The MRSS runs from February 1 – April 20, 2017. Limit 2 anglers/boat. All fly fishing gear and flies as well as water & sodas provided. BYO lunch/snacks.
Late-fall fly fishing for ocean-fresh chinook salmon can be a compelling siren song. With the variables of weather, river level and clarity, tides, ocean conditions, other anglers, and luck all in play, as often as not, an angler’s dreams of Chrome encounters can be fraught with frustration. It’s easy to talk yourself out of going. But the chance to connect with the ultimate prize on Oregon’s fly fishing Mt. Rushmore entices anglers to roll the dice even when it looks dicey.
A recent 3-day outing illustrates: Day one came on the heels of some discouraging reports and featured constant torrential rain and wind, leading to a rapidly rising river. But the Two Dudes have good rain gear! So we launched, enjoying the kind of river solitude that only a true Oregon downpour can provide.
As the river steadily filled with mud, leaves, and debris, we cast hopefully for hours. Would the salmon also be coming with the flood? In short: Yes! Three hours in, salmon began to roll and crash the surface. And they were in a biting mood.
On days two and three, we were joined by our old friend, the Oceanographer. The weather improved, but thanks to Day one, the rivers were kinda high for fly fishing. Conditions slowly improved, but we saw only a few crackers here and there. Even the bait guys were shaking their heads.
In the end, you can’t catch ’em if they aren’t there. And while a few fish probably trickled past in the high flow, we spent our time casting and stripping, casting and stripping, casting and stripping until it was time to reel up and head home. A taste of success, followed by a full double-serving of skunk stew!
Can’t wait to try again!
As the month of October wound down, and some record-setting rain totals filled in, steelheading was good for those willing to brave the elements.
While always aware that we were at the mercy of the Army Corps of Engineers whims of dam control, the river level remained stable and fishable despite blown-out conditions downstream of rain-swollen major tributaries. On a typical day, by keeping our heels dug in upriver most of the trip, anglers enjoyed good fishing followed by a leisurely float out once the clarity and level degraded.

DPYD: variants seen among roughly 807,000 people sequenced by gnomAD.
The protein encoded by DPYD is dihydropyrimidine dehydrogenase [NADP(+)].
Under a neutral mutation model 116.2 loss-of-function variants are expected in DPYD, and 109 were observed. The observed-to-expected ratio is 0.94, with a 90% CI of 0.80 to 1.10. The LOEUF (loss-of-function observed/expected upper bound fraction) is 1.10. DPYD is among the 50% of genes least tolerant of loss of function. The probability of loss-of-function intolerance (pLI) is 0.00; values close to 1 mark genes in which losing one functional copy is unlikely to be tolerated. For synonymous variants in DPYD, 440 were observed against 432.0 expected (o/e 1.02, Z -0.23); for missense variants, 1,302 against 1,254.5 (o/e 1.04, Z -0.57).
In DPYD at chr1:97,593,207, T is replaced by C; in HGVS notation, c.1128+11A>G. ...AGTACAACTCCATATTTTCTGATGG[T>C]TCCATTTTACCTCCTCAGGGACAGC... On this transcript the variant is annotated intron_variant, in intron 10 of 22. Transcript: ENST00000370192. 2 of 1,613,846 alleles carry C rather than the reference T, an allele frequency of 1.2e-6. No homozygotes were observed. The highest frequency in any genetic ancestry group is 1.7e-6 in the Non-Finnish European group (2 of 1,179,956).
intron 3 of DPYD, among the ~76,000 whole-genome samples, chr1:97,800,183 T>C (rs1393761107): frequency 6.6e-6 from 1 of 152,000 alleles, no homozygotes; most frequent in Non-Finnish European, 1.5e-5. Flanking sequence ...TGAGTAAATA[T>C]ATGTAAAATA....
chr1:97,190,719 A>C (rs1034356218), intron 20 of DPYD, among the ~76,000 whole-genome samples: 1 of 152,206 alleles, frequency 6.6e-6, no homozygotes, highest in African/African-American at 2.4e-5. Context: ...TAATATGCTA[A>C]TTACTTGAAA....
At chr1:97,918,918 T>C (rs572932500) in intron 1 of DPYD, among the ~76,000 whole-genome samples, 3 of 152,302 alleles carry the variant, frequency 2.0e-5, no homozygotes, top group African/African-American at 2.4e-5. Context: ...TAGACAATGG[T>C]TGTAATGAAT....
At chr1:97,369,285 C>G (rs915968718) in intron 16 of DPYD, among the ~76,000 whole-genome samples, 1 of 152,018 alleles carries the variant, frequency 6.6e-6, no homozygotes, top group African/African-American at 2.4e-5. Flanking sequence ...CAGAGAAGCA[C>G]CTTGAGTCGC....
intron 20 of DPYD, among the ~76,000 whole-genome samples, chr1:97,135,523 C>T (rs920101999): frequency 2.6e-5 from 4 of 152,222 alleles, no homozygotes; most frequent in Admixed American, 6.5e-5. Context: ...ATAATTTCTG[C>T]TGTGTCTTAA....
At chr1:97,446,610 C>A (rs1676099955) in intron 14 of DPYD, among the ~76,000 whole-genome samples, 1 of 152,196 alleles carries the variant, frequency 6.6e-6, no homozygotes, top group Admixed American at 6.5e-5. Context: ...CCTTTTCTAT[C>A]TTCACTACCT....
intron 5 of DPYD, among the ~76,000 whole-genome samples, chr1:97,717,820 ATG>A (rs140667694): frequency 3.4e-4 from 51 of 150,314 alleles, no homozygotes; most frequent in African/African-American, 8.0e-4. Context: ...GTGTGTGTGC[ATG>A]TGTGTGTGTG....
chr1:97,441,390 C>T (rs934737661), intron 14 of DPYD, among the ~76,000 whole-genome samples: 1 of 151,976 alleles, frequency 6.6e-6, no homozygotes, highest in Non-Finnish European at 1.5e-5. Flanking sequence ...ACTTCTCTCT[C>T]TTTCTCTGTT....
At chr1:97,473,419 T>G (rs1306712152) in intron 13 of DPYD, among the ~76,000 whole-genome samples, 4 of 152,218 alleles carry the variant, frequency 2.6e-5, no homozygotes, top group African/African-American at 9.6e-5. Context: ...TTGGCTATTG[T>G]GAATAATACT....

In amongst the soaking-downpour days (there were many!), there were still days with beautiful fall conditions to savor and great memories made.
Finally (inevitably) the other day, the rains were not to be denied: the gates opened at the dam, the river filled with leaves, logs, and riparian duff, and just like that, it was over for good. Now looking forward to late-Fall salmon season on the coast, and winter trouting and steelheading in the early months of the new year, it’s nice to remember the still-warm glow of yet another glorious October in the Willamette Valley.
The first couple of weeks in October have been a great reminder why we live in Western Oregon. With mellow cool weather, rivers in perfect shape, and fishing simply excellent everywhere, the biggest daily challenge has been deciding which fishery to enjoy.
While most anglers put their energies into the coastal bays, trolling herring for ocean-fresh salmon (any boat that’ll float will do),
back here in the Valley, we’ve been enjoying outstanding fly fishing for trout and steelhead. The annual October Caddis hatch has made for some memorable days on the Lower McKenzie.
And thanks to a generous return of summer steelhead to the upper Willamette Valley, we’ve seen some of the best Dry Fly Fishing for these great migratory rainbows in recent memory. Whether chugging a dry across the shallows or swinging for the fences with a spey rod, the fishing has been steady.
Now here in mid-month, the rains have come as they always must here on the windward side of the continent. As the rivers rise and fill with leaves (and fresh salmon), our focus shifts to the excitement of late fall and the challenge of timing the spates in pursuit of the Pacific King. Tying flies, dusting off the 10-wts, buying hand-warmers at Bi-Mart; there’s plenty to keep you busy while the rain and wind pound around outside the house. Here in Western Oregon as one season winds down, another adventure is always on tap.